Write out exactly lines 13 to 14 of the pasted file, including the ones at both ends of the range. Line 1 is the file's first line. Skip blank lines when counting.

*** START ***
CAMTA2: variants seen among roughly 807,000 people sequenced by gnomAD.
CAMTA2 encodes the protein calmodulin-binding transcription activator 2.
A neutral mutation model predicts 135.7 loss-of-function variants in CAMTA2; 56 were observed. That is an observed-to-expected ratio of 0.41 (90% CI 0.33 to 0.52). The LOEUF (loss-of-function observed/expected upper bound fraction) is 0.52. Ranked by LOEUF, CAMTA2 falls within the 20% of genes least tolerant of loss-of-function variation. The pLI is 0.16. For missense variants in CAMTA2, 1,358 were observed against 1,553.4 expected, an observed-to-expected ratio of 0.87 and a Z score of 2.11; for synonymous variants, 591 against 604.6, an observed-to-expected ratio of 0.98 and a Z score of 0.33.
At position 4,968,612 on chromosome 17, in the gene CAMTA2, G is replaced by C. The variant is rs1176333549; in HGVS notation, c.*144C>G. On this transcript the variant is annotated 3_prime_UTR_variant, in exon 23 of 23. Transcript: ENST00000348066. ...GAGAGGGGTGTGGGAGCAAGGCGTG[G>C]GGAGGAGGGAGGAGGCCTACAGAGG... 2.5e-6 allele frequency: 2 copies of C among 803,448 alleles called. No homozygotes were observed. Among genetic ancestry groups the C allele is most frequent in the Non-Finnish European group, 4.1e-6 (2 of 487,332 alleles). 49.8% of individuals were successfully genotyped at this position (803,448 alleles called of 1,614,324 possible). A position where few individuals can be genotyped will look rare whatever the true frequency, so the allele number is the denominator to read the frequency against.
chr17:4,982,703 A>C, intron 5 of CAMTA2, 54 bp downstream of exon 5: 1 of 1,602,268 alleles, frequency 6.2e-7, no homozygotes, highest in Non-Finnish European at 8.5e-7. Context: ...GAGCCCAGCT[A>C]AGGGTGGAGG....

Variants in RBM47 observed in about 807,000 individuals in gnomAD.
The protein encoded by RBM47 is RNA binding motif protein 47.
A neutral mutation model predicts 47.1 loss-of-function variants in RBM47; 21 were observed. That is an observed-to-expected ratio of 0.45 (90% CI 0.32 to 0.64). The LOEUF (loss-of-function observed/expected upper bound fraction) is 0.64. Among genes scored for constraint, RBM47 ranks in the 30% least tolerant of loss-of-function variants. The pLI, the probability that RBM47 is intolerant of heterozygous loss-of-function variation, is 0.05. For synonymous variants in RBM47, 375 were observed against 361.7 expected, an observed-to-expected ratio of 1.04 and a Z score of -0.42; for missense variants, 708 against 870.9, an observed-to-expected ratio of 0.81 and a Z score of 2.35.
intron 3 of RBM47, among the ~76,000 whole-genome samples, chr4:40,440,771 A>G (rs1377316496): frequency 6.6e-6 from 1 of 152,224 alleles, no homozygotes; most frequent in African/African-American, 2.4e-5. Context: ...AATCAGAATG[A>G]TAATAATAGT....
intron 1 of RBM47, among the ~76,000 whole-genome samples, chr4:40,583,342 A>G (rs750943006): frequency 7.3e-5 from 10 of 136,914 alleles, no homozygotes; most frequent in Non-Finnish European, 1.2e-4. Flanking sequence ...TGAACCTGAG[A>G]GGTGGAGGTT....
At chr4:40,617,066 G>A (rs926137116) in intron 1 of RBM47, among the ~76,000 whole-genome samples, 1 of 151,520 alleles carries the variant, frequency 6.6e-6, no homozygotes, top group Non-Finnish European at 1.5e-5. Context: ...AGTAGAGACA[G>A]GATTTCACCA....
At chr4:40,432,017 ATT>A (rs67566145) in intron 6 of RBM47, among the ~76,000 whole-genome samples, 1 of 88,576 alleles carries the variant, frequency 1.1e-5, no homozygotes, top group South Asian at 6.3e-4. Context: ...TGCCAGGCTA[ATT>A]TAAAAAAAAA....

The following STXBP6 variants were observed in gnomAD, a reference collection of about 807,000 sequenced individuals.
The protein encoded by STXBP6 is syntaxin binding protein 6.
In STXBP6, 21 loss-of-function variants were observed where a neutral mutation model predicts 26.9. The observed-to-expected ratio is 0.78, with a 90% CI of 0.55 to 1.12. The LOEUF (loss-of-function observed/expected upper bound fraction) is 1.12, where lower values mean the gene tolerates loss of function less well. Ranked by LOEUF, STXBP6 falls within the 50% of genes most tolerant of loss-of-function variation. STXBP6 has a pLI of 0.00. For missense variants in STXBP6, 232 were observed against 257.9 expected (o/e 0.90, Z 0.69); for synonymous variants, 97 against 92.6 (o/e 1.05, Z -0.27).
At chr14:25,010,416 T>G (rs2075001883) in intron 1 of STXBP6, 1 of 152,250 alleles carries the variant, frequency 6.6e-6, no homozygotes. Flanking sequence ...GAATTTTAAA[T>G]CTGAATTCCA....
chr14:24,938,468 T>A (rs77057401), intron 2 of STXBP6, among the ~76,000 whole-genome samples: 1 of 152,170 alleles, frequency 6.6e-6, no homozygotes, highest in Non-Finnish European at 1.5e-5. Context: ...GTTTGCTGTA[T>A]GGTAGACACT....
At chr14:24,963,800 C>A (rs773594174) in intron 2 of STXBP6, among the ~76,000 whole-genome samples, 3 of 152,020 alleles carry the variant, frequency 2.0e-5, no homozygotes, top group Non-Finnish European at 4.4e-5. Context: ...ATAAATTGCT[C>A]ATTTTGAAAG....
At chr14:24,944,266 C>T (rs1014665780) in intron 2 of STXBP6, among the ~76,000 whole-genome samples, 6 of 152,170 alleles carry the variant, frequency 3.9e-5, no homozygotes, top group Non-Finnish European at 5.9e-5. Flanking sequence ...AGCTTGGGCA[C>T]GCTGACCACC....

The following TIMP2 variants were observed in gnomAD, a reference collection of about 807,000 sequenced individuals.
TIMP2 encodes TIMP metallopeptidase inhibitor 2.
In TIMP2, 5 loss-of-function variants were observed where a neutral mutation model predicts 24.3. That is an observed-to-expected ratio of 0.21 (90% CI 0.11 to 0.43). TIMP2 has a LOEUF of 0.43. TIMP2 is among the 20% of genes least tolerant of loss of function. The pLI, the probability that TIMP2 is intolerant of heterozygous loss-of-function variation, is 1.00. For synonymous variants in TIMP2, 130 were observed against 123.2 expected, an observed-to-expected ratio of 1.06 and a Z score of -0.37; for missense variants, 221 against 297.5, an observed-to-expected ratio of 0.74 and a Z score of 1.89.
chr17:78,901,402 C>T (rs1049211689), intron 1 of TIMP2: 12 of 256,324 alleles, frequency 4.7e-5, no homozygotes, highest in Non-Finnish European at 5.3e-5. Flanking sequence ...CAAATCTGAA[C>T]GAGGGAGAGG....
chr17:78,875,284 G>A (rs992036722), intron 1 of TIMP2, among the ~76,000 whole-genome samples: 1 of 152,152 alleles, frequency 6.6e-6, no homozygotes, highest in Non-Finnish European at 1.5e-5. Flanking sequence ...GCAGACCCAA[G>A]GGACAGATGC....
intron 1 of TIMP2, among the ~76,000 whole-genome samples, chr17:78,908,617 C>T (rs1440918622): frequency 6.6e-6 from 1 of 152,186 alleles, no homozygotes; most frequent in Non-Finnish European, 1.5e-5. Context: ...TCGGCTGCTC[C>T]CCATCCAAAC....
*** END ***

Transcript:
The following STXBP6 variants were observed in gnomAD, a reference collection of about 807,000 sequenced individuals.
The protein encoded by STXBP6 is syntaxin binding protein 6.